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Mindfulness And Ego: A Dance, Not A War

Mindfulness And Ego: A Dance, Not A War

We’ve noticed that the posts about the ego on our blog gain a lot of attention. This inspires us to talk more about ego today and how it factors into our lives as mindful people.

To read more about these concepts, visit our posts called Ego Thoughts vs Higher Self and Thought Exercises To Integrate Your Ego.

We think that working with and considering your ego is a healthy part of mindful life. Your ego is not an enemy to fight, but a part of you that you can understand and even integrate in a meaningful way. In fact, the very act of considering your ego as a part of who you are is inherently mindful.

This kind of self examination fosters a more holistic appreciation of the many facets of who we are. It engages our observer self and can help us practice self love and acceptance.

How Is Your Ego Helpful

Although your ego certainly gets a bad rep, it’s also a large part of what you think of as your personality. We think that understanding that there are parts of you that transcend your personality is a way to achieve more flexible thinking, however it’s also important to maintain some sense of self.

This can be tricky business and it often involves holding more than one idea in your mind at the same time. Could it be true that your ego both helps define how you present to the world and hinders your growth? We think it’s possible.

Before moving on, however, we want to mention that when something external erodes your ego it often leaves you feeling adrift or exposed. This can make you vulnerable to things like gaslighting and manipulation.

Your ego can actually throw up some helpful red flags in situations where someone is trying to gaslight you or violate your boundaries.

Because of this, your ego is something you want to keep tabs on rather than ignore or try to eradicate.

What’s Flexible Thinking?

Flexible thinking is a term we’re using here to illustrate a curious and non attached approach to thoughts and beliefs. It hinges on the question: is this moving me closer to or further from my authentic self?  Another way to say this is, is this thought or believe serving me or holding me back?

It’s helpful to practice flexible thinking because the more you do something the easier it becomes. Therefore, the more you approach your thoughts and beliefs as something you can change as needed, the more you’ll be able to let go and grow when you need to.

Conversely, when we see our beliefs and thoughts as a part of who we are, it becomes much more difficult to examine them objectively. It’s also harder to step away from behaviors you’ve always done that feel part of who you are but that don’t make you happy or fulfilled.

Mindfulness And Ego Or Your Sense Of Self

According to

Researchers at the University of Utah recruited over 1,000 undergraduate students, ranging in age from 18 to 53, to complete questionnaires about three traits:

Mindfulness: Their tendency to be aware of their thoughts and feelings and to respond to them in deliberate, non-reactive, non-judgmental ways.

Self-concept clarity: How stable, clear, and unconflicted their views of themselves are.

Well-being: How much they feel a sense of self-acceptance, autonomy, and control over their environment; the quality of their relationships; and their experience of personal growth and purpose in life.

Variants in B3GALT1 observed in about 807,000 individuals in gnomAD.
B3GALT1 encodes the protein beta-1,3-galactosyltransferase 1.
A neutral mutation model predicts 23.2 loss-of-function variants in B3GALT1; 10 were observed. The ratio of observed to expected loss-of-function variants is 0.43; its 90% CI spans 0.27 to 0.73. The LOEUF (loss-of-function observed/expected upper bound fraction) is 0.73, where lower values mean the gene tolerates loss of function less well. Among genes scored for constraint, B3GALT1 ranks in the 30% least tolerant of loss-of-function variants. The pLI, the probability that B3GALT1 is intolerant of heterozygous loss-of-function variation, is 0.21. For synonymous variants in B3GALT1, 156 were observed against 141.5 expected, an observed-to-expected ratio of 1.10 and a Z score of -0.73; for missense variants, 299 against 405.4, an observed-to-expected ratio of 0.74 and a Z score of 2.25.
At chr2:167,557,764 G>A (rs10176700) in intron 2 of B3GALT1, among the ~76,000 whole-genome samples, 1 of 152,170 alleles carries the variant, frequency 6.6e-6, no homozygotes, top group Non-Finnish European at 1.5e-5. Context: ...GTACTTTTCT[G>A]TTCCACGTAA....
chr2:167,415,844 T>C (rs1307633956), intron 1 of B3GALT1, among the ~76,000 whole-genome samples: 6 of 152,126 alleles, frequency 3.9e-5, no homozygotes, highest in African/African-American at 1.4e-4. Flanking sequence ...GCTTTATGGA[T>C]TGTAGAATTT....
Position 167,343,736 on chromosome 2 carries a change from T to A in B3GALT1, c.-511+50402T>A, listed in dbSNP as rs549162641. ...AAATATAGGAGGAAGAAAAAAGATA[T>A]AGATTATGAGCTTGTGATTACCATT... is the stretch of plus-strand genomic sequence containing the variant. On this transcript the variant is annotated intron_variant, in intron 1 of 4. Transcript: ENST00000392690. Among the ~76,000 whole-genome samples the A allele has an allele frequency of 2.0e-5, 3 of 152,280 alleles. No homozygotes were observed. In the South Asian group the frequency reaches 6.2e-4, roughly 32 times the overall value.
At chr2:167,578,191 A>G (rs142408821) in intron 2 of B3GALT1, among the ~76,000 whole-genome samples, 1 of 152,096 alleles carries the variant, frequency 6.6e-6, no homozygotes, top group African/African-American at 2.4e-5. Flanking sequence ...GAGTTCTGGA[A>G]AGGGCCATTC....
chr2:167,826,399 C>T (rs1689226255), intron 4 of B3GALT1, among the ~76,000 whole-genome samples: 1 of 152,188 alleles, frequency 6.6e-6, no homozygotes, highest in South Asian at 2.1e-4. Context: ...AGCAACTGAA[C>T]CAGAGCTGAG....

The results showed that more mindful students reported higher well-being—and that a stronger sense of self partly accounted for that link.

Delving deeper into the data, the researchers found that some aspects of mindfulness were more crucial than others. Students who were more non-judgmental about their thoughts and feelings tended to report a particularly clear sense of self; on the other hand, those who were better at observing the present actually had slightly lower self-concept clarity.

We think one of the things this information suggests about the ego is that understanding and accepting it as we work with it can yield more harmony in your life.

We also find that when we repress or ignore things, those things simmer under the surface. They tend to cycle in our thoughts or cause us problems at the worst possible time.

A core concept of mindfulness is observing and becoming aware without judgment and that’s pretty close to our definition of flexible thinking. We consider the two practices to be entwined and we practice them intentionally.

Accepting Your Ego

We might even go as far as suggesting that trying to kill your ego, is kind of an ego-driven goal! Once you do, you’ll then be that enlightened master who is so much more lofty than everyone else, right!?

However, mindfulness really doesn’t work like that. It’s about the journey and the practice. Daily acts of attention and mindfulness improve our experience because they quiet our mind.

In this way, meditation is a microcosm of mindfulness itself. When we meditate, we sit quietly, either allowing our consciousness to feel separate from our physical body or experiencing our body as an integral part of who we are. As we sit, we tune our focus to and away from thoughts and sensations.

Meditation asks us to appreciate and observe, but not attach. This approach is also the key to secular mindfulness.

Keeping all of this in mind, we can appreciate that our ego is a part of us. Ego and emotions both illuminate tension and joy and these forces inspire change.

So, we don’t need to kill our ego, we just need to dance with it in harmony.

Your Thoughts About Mindfulness And Ego

Has this post inspired some thoughts about mindfulness and ego? If so, we’d love to hear about them! Leave a comment below or tag us on Instagram using the hashtag: #MindfulSkara

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